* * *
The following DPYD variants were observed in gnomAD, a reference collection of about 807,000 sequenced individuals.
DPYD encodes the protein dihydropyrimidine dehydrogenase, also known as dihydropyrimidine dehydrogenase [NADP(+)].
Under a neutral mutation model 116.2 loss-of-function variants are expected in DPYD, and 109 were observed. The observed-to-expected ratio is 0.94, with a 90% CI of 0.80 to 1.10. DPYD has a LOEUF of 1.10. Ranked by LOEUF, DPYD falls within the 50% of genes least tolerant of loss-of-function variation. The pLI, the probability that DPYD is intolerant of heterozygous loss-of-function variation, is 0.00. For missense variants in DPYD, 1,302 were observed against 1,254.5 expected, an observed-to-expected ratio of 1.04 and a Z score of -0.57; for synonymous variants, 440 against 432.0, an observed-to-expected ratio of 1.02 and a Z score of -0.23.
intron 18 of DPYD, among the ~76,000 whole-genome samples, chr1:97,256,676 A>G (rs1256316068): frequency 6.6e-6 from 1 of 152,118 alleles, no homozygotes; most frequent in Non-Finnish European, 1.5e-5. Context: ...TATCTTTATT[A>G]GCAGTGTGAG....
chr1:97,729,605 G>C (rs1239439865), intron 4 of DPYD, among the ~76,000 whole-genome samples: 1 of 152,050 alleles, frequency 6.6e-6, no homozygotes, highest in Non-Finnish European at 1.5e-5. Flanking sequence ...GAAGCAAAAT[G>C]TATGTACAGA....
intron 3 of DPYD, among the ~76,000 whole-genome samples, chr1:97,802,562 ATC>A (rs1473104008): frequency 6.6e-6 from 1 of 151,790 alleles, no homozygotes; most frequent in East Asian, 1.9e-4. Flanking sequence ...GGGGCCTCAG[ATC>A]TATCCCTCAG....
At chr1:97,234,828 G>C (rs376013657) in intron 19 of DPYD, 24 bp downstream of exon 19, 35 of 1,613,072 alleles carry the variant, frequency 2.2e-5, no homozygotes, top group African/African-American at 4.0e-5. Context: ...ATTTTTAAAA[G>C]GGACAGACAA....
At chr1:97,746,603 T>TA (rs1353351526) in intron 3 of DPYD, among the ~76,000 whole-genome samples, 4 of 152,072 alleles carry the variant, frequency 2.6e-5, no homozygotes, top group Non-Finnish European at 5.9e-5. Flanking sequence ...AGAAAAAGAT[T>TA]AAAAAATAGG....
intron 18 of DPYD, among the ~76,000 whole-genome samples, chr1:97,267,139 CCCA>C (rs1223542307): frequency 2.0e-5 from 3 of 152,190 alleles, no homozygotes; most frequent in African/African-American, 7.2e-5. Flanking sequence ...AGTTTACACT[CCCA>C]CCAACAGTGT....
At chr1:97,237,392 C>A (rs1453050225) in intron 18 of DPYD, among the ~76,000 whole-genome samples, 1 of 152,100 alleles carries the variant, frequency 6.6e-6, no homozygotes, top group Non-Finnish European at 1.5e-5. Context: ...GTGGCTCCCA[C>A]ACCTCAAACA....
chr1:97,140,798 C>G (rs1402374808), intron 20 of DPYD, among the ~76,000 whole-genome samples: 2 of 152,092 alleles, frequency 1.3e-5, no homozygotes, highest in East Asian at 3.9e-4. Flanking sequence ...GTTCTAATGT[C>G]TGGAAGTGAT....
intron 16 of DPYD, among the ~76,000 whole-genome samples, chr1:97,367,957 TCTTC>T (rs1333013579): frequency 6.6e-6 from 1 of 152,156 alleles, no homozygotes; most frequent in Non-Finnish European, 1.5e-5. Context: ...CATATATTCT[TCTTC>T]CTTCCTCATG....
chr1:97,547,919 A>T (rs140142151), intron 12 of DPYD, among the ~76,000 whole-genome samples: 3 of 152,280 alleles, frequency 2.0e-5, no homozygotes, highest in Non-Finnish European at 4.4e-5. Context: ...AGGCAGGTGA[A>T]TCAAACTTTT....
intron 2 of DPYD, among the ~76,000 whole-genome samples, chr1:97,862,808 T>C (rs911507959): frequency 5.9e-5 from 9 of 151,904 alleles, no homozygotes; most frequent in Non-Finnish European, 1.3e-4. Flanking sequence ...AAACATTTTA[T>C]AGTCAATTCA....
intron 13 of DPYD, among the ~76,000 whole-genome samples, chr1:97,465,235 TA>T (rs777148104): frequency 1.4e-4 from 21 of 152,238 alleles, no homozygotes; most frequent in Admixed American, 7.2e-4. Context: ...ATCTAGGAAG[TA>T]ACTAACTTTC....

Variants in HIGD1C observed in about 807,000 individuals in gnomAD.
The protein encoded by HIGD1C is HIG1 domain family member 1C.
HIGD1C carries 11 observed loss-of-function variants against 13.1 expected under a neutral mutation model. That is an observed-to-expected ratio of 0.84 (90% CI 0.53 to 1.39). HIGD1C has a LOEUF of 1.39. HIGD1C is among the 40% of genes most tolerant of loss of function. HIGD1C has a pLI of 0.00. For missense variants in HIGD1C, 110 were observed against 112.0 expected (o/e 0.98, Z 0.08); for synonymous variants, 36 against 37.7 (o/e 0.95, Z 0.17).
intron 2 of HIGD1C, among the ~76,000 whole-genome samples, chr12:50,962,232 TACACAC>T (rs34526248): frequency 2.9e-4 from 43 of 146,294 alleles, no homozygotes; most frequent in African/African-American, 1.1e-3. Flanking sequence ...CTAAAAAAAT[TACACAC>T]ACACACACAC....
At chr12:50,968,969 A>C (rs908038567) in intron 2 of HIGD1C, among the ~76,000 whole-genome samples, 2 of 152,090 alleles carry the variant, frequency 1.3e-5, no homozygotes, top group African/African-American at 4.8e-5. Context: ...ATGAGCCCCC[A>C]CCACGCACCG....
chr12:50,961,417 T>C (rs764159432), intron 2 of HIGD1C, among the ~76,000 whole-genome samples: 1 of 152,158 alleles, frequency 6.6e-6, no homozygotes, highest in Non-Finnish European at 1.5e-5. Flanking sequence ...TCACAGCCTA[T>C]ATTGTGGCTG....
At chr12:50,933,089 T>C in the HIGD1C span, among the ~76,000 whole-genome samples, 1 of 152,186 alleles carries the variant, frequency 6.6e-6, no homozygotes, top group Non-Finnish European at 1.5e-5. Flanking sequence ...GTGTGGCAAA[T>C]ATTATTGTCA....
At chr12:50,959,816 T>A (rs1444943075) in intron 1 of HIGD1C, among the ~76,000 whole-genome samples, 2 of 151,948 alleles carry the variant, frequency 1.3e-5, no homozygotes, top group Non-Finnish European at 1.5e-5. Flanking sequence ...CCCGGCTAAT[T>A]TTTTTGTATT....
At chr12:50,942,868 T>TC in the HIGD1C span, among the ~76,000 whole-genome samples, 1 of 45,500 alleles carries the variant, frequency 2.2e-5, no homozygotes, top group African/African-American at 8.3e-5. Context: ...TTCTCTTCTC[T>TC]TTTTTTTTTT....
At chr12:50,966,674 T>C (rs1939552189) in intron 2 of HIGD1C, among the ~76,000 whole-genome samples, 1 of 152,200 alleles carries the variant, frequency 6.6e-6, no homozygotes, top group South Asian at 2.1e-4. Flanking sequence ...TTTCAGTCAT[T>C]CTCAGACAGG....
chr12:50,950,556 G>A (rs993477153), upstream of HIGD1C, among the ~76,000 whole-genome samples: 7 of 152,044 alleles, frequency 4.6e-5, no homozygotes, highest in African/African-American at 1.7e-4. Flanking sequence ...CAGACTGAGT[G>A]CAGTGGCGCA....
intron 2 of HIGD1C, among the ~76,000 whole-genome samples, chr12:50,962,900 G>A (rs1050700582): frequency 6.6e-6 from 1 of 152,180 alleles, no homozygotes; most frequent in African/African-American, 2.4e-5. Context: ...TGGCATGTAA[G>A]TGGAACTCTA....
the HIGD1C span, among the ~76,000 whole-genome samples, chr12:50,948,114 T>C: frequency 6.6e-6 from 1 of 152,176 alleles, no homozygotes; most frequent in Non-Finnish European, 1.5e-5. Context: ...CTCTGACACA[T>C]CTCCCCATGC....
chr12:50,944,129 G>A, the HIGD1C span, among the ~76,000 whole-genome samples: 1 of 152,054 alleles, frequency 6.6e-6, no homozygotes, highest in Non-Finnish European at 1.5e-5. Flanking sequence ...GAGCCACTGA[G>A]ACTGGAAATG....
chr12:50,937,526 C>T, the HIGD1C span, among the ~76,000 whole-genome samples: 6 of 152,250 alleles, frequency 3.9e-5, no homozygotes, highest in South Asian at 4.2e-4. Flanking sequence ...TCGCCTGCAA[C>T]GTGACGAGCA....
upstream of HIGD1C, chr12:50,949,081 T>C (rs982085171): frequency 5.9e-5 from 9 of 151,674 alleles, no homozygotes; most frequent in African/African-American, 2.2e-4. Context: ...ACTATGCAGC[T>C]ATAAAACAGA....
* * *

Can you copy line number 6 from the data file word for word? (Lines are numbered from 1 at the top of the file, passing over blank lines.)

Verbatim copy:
intron 3 of DPYD, among the ~76,000 whole-genome samples, chr1:97,802,562 ATC>A (rs1473104008): frequency 6.6e-6 from 1 of 151,790 alleles, no homozygotes; most frequent in East Asian, 1.9e-4. Flanking sequence ...GGGGCCTCAG[ATC>A]TATCCCTCAG....